Cat Care During Gestation

Cat Care During Gestation

Cats are pregnant for about 63-65 days, roughly two months. Providing them with special care is essential to ensure a healthy pregnancy and delivery. Here are some tips on how to take care of your pregnant cat:

1. Take your cat to the vet for a checkup.

When you realize your cat is pregnant, take her to the vet for a checkup. The vet can confirm the pregnancy and advise you on how to care for your cat during this time. They will also likely recommend a vaccination schedule and deworming treatment.

2. Feed your cat a high-quality diet.

Pregnant cats need more calories and nutrients than usual. Switch your cat to a high-quality, high-calorie diet specifically formulated for pregnant and lactating cats. You can also feed her smaller, more frequent meals to help her keep her weight up.

3. Provide your cat with a comfortable place to nest.

As your cat’s due date approaches, she will start to look for a place to nest. This is an instinct, and providing her with a comfortable and safe place to give birth is essential. You can create a nesting box by lining a large cardboard box with soft towels or blankets. Place the container in a quiet, private area of your home.

4. Monitor your cat’s health.

It is essential to monitor your cat’s health closely during pregnancy. Look for any changes in her behavior, appetite, or weight. If you notice anything unusual, contact your vet immediately.

5. Be prepared for labor and delivery.

Labor and delivery can be stressful for you and your cat. It is essential to be prepared so that you can support her through the process. Here are some things to keep in mind:

  • Signs of labor: Signs of work in cats include restlessness, nesting behavior, loss of appetite, and vomiting. If you notice any of these signs, contact your vet immediately.
  • What to expect during labor: Cats’ struggle usually lasts several hours. During this time, your cat will strain to push out the kittens. You may need to help her by gently massaging her abdomen.
  • After delivery: Once your cat has given birth, she must clean herself and her kittens. She will then start to nurse them. It is important to monitor her and the kittens closely during this time.
See also  10 Ways to Get Involved with Pet Owners in Your City

Here are some additional tips for caring for your pregnant cat:

  • Make sure your cat has access to plenty of fresh water.
  • Avoid over-handling your cat. She may become more irritable during pregnancy.
  • Keep your cat away from other cats and animals that may be sick.
  • Reduce stress in your cat’s environment. This may mean changing your routine or providing her with more hiding places.

Please get in touch with your vet if you have any concerns about your cat’s pregnancy or health.

Common health problems during pregnancy

A few common health problems can occur during pregnancy in cats. These include:

See also  Bird Molting: What You Need to Know

Labor and delivery

Labor and delivery in cats usually lasts for several hours. During this time, your cat will strain to push out the kittens. You may need to help her by gently massaging her abdomen. Once your cat has given birth, she must clean herself and her kittens. She will then start to nurse them. It is important to monitor her and the kittens closely during this time.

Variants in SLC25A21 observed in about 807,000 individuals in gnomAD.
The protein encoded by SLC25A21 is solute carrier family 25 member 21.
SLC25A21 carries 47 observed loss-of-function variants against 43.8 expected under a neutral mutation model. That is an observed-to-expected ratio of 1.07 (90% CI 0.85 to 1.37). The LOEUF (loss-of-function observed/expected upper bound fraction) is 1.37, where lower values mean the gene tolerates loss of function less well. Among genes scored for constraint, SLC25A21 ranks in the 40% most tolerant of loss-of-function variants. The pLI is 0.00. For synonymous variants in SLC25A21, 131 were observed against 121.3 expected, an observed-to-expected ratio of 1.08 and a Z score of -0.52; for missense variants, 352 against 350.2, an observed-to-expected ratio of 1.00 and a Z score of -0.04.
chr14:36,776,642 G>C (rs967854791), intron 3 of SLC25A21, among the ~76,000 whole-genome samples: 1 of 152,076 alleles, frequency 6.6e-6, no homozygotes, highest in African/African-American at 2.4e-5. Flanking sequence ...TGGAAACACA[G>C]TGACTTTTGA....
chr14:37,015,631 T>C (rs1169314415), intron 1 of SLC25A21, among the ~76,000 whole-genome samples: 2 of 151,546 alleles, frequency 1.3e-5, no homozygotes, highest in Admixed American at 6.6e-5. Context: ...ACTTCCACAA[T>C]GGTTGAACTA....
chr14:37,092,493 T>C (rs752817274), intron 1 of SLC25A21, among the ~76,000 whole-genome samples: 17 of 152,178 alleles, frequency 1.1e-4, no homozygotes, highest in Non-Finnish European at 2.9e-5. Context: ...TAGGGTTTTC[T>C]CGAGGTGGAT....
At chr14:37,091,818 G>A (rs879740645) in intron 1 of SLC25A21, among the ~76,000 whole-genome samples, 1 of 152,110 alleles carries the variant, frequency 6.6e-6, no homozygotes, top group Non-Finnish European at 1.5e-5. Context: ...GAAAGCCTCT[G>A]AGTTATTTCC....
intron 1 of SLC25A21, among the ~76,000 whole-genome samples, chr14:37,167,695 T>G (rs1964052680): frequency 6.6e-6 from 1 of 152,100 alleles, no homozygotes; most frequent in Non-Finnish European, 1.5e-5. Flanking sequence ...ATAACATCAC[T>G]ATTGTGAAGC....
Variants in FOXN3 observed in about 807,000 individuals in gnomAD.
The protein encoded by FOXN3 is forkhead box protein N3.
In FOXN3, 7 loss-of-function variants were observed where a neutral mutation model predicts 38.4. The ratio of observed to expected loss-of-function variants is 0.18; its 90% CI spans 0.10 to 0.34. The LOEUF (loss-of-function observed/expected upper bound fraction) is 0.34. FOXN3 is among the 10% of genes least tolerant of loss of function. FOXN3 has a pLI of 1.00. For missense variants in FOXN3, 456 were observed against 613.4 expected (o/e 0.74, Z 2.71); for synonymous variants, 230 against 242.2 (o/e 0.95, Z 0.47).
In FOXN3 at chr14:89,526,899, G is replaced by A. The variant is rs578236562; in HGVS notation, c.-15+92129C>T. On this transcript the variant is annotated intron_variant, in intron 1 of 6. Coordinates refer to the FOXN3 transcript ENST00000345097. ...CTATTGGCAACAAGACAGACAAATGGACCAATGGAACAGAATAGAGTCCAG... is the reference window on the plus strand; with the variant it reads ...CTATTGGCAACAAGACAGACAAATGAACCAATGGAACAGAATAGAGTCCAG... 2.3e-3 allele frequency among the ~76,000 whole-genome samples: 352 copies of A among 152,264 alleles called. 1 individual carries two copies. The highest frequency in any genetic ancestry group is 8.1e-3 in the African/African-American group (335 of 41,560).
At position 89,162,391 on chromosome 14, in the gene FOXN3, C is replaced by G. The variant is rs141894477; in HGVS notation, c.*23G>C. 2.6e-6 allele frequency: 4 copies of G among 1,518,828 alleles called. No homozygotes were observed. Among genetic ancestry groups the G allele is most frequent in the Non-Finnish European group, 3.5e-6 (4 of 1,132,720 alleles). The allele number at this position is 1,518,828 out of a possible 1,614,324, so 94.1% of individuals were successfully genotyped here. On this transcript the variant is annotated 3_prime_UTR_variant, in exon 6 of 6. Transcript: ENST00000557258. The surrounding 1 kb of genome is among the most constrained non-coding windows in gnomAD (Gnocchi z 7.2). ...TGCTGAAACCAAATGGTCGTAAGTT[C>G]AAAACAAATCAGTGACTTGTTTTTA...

Here are some signs that your cat’s labor is about to begin:

  • Nesting behavior: In the days leading up to labor, your cat may exhibit nesting behavior. This may involve carrying around blankets or other soft items to her chosen birthing spot. She may also scratch the ground or bedding in this area.
  • Temperature change: Your cat’s average body temperature is between 100 and 102.5 degrees Fahrenheit. In the 24 hours before labor, her temperature will drop to around 99 degrees Fahrenheit.
  • Restlessness and vocalization: Your cat may become restless and vocal in the hours leading up to labor. She may pace around, meow loudly, or even cry out.
  • Loss of appetite: It’s common for cats to lose their needs in the 24 hours before labor.
  • Vaginal discharge: You may notice a clear or slightly blood-tinged vaginal discharge in the hours leading up to labor.
  • Visible contractions: As labor progresses, you may be able to see your cat’s abdominal muscles contracting.

What to do when your cat goes into labor

Once you’re sure your cat is in labor, the best thing you can do is provide her with a quiet and comfortable place to give birth. Her nesting box should be in a warm, draft-free area, and you should provide her with fresh water and food.

See also  How to Feed Your Dog a Healthy Rabbit Meat Diet

It’s essential to be patient and supportive during labor. Your cat may need time to adjust and find a comfortable position. If she seems distressed, you can try petting her or talking to her in a soothing voice.

When to call the vet

Most cats will give birth without problems, but knowing when to call the vet is essential. If you notice any of the following signs, please get in touch with your veterinarian immediately:

  • Labor lasts for more than 24 hours without producing a kitten.
  • Your cat is straining excessively but not having a kitten.
  • There is a foul-smelling vaginal discharge.
  • Your cat shows signs of distress, such as panting, crying out, lying on her side, and refusing to move.
  • More than two hours pass between kittens being born.

Conclusion

Knowing the signs that your cat’s labor is about to begin, you can be better prepared to support her during this time. If you have any concerns, please don’t hesitate to contact your veterinarian.

 

Leave a Reply